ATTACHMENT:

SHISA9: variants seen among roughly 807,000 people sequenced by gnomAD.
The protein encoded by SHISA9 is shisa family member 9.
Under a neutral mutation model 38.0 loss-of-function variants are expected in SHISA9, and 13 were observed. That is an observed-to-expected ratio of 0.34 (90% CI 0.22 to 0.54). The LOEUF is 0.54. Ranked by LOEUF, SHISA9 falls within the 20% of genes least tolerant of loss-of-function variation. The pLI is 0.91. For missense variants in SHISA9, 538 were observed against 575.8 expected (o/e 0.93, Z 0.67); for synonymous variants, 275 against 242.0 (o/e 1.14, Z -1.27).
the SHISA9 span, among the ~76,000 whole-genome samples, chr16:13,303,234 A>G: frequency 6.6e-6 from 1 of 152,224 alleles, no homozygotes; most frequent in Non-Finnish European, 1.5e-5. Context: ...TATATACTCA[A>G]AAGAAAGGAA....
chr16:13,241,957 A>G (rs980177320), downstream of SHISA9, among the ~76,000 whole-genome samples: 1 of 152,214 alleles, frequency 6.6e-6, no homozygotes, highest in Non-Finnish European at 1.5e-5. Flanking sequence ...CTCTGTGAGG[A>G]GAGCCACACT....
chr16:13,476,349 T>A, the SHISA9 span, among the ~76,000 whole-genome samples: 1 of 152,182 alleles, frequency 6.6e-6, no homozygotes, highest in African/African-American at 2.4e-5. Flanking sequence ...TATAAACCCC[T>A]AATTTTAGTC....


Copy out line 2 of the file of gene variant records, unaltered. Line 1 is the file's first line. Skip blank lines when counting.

The protein encoded by SHISA9 is shisa family member 9.